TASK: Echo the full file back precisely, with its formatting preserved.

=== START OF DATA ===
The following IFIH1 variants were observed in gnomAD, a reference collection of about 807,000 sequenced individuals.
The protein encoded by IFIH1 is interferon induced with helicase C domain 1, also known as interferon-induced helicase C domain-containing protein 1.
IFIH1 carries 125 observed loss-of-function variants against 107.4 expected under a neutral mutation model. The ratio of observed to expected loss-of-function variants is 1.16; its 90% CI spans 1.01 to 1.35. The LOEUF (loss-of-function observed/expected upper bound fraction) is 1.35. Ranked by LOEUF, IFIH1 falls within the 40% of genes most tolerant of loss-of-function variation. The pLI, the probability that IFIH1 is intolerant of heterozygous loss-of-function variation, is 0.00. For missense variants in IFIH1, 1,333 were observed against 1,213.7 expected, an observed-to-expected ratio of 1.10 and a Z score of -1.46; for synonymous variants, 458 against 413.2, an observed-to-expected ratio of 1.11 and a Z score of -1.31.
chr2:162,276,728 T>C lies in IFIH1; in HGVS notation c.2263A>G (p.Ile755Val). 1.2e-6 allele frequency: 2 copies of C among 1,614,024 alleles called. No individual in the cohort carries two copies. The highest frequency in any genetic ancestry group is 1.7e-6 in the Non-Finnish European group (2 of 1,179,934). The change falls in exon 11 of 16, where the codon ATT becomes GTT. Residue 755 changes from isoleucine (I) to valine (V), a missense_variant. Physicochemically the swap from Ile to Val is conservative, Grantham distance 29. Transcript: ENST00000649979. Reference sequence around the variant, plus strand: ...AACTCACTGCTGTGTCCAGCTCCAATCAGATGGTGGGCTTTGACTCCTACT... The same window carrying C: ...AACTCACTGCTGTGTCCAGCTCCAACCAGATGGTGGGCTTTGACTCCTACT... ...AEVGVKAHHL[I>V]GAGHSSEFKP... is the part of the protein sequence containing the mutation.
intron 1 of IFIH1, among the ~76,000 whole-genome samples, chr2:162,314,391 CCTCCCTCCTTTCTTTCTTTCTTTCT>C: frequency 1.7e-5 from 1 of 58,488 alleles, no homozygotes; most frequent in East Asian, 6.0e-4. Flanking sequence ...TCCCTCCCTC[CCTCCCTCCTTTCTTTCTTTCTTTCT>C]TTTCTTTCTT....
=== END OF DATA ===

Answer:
The following IFIH1 variants were observed in gnomAD, a reference collection of about 807,000 sequenced individuals.
The protein encoded by IFIH1 is interferon induced with helicase C domain 1, also known as interferon-induced helicase C domain-containing protein 1.
IFIH1 carries 125 observed loss-of-function variants against 107.4 expected under a neutral mutation model. The ratio of observed to expected loss-of-function variants is 1.16; its 90% CI spans 1.01 to 1.35. The LOEUF (loss-of-function observed/expected upper bound fraction) is 1.35. Ranked by LOEUF, IFIH1 falls within the 40% of genes most tolerant of loss-of-function variation. The pLI, the probability that IFIH1 is intolerant of heterozygous loss-of-function variation, is 0.00. For missense variants in IFIH1, 1,333 were observed against 1,213.7 expected, an observed-to-expected ratio of 1.10 and a Z score of -1.46; for synonymous variants, 458 against 413.2, an observed-to-expected ratio of 1.11 and a Z score of -1.31.
chr2:162,276,728 T>C lies in IFIH1; in HGVS notation c.2263A>G (p.Ile755Val). 1.2e-6 allele frequency: 2 copies of C among 1,614,024 alleles called. No individual in the cohort carries two copies. The highest frequency in any genetic ancestry group is 1.7e-6 in the Non-Finnish European group (2 of 1,179,934). The change falls in exon 11 of 16, where the codon ATT becomes GTT. Residue 755 changes from isoleucine (I) to valine (V), a missense_variant. Physicochemically the swap from Ile to Val is conservative, Grantham distance 29. Transcript: ENST00000649979. Reference sequence around the variant, plus strand: ...AACTCACTGCTGTGTCCAGCTCCAATCAGATGGTGGGCTTTGACTCCTACT... The same window carrying C: ...AACTCACTGCTGTGTCCAGCTCCAACCAGATGGTGGGCTTTGACTCCTACT... ...AEVGVKAHHL[I>V]GAGHSSEFKP... is the part of the protein sequence containing the mutation.
intron 1 of IFIH1, among the ~76,000 whole-genome samples, chr2:162,314,391 CCTCCCTCCTTTCTTTCTTTCTTTCT>C: frequency 1.7e-5 from 1 of 58,488 alleles, no homozygotes; most frequent in East Asian, 6.0e-4. Flanking sequence ...TCCCTCCCTC[CCTCCCTCCTTTCTTTCTTTCTTTCT>C]TTTCTTTCTT....